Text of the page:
From the start of service, many of its own radio stations that identified with a callsign and the metro area they serve have the end tag that identifies them as "An iHeartRadio Station", or for live national music stations such as Eclectic Rock or iHeart80s, their end tags identify them as "An iHeartRadio Original Station" (they also ID the HD2/HD3 stations that simulcast). Though starting in 2019, iHeartRadio introduces its own "Sonic Logo", a five-note sounder with two heartbeats at the end. It includes specific variations (including vocal versions) for different formats or productions.[33]

In early 2020, iHeart fired "dozens" (estimated by one newspaper as "hundreds ... across its more than 850 radio stations"[34]) of its then 12,500 employees at a time when the company, bankrupt,[32] was viewed as being considered for purchase by Liberty Media.[35] iHeart described these layoffs as being technology-driven.[36]

On April 23, 2020, the iHeartRadio app was launched in association with Uno Radio Group, which owns the NotiUno, Salsoul, Fidelity and Hot 102 brands in Puerto Rico.

On December 1, 2021, iHeartRadio signed a deal with Roku to bring a dozen of their live radio stations to The Roku Channel's live TV lineup in the form of FAST channels. The ad-supported stations (which include iHeartCountry, Alt Radio, The Beat (now Hip-Hop Beats), Classic Rock, Hit Nation, Latino Hits, iHeart80s, and iHeart90s as well as select holiday-themed stations when available) are to feature imagery to complement and enhance the audio experience, similar in fashion to Music Choice on digital cable and satellite TV.[37]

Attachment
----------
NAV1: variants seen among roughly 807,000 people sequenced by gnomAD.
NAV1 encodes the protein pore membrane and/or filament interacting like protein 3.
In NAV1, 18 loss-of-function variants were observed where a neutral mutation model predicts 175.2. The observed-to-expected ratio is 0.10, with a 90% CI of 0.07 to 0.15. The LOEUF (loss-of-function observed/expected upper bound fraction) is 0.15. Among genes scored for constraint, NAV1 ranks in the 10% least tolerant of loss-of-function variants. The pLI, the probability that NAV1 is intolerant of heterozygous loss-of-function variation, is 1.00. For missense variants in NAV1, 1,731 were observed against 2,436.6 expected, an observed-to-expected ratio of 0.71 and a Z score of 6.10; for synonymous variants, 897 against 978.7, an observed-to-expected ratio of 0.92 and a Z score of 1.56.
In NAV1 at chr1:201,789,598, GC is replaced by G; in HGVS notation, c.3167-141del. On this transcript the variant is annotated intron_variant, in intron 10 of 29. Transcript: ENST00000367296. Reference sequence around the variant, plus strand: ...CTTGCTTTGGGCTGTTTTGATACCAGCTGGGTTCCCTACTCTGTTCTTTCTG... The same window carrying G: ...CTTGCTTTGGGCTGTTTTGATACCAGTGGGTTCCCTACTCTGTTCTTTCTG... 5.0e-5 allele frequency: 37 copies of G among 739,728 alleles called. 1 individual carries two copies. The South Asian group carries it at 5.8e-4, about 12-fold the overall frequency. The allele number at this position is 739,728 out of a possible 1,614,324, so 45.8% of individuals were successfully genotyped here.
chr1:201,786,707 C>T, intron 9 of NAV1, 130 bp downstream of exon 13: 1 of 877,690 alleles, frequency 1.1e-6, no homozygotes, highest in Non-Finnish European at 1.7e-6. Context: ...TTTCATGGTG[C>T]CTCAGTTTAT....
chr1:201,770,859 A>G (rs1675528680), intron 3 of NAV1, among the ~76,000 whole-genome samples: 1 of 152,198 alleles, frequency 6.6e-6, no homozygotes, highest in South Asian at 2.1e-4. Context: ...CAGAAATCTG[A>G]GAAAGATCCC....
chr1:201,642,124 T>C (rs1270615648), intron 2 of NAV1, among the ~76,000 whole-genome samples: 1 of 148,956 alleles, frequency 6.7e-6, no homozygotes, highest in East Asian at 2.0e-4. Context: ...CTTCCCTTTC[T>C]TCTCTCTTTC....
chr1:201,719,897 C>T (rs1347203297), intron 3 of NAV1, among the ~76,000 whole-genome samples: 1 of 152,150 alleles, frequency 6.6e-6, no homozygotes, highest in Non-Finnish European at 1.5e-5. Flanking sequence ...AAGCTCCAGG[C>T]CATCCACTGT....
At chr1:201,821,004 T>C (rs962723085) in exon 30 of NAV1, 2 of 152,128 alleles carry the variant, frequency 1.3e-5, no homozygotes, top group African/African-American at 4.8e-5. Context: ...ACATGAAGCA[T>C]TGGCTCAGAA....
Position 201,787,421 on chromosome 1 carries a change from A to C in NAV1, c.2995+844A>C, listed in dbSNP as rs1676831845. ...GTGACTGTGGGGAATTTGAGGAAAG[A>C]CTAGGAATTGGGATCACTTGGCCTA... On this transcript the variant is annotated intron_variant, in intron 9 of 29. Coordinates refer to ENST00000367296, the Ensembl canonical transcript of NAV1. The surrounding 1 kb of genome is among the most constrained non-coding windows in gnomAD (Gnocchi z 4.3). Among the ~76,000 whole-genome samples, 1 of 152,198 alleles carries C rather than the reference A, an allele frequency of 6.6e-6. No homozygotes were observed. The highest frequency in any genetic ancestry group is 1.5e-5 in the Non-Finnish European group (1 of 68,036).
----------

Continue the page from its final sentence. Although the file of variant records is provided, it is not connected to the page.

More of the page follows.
On September 27, 2023, the Minnesota Timberwolves and Lynx announced that their radio broadcasts would move to the iHeartRadio app. Every game would air on the app, while the majority of Lynx games and select Timberwolves games would be simulcast on co-owned KFXN-FM.[38]